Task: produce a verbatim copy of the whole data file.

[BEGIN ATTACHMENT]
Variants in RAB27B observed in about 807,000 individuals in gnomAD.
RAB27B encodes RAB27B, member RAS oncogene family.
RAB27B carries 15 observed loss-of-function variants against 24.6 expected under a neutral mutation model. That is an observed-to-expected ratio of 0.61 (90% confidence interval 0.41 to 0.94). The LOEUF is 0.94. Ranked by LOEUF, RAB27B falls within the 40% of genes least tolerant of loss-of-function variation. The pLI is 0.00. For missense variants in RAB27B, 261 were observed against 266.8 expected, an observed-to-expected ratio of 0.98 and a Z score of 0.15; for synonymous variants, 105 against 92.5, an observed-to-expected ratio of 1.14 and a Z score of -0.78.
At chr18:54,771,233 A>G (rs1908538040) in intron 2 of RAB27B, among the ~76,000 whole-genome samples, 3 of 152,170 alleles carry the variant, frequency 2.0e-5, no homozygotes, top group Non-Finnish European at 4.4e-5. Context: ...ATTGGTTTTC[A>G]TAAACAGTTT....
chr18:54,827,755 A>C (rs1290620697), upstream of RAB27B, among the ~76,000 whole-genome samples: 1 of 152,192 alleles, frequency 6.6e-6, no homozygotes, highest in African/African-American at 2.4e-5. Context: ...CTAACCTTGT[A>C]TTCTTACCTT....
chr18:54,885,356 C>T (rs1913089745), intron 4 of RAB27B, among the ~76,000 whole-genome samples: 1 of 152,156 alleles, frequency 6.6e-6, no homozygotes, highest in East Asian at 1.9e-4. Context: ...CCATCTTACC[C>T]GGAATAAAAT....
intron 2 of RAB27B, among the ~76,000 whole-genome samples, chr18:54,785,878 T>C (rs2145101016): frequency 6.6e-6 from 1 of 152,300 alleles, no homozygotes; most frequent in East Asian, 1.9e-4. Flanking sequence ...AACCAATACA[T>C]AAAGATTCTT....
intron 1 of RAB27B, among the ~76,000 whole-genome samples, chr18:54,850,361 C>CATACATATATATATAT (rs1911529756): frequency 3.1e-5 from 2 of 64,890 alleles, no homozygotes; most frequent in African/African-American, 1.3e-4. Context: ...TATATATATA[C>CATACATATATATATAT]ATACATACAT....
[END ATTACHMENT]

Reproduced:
Variants in RAB27B observed in about 807,000 individuals in gnomAD.
RAB27B encodes RAB27B, member RAS oncogene family.
RAB27B carries 15 observed loss-of-function variants against 24.6 expected under a neutral mutation model. That is an observed-to-expected ratio of 0.61 (90% confidence interval 0.41 to 0.94). The LOEUF is 0.94. Ranked by LOEUF, RAB27B falls within the 40% of genes least tolerant of loss-of-function variation. The pLI is 0.00. For missense variants in RAB27B, 261 were observed against 266.8 expected, an observed-to-expected ratio of 0.98 and a Z score of 0.15; for synonymous variants, 105 against 92.5, an observed-to-expected ratio of 1.14 and a Z score of -0.78.
At chr18:54,771,233 A>G (rs1908538040) in intron 2 of RAB27B, among the ~76,000 whole-genome samples, 3 of 152,170 alleles carry the variant, frequency 2.0e-5, no homozygotes, top group Non-Finnish European at 4.4e-5. Context: ...ATTGGTTTTC[A>G]TAAACAGTTT....
chr18:54,827,755 A>C (rs1290620697), upstream of RAB27B, among the ~76,000 whole-genome samples: 1 of 152,192 alleles, frequency 6.6e-6, no homozygotes, highest in African/African-American at 2.4e-5. Context: ...CTAACCTTGT[A>C]TTCTTACCTT....
chr18:54,885,356 C>T (rs1913089745), intron 4 of RAB27B, among the ~76,000 whole-genome samples: 1 of 152,156 alleles, frequency 6.6e-6, no homozygotes, highest in East Asian at 1.9e-4. Context: ...CCATCTTACC[C>T]GGAATAAAAT....
intron 2 of RAB27B, among the ~76,000 whole-genome samples, chr18:54,785,878 T>C (rs2145101016): frequency 6.6e-6 from 1 of 152,300 alleles, no homozygotes; most frequent in East Asian, 1.9e-4. Flanking sequence ...AACCAATACA[T>C]AAAGATTCTT....
intron 1 of RAB27B, among the ~76,000 whole-genome samples, chr18:54,850,361 C>CATACATATATATATAT (rs1911529756): frequency 3.1e-5 from 2 of 64,890 alleles, no homozygotes; most frequent in African/African-American, 1.3e-4. Context: ...TATATATATA[C>CATACATATATATATAT]ATACATACAT....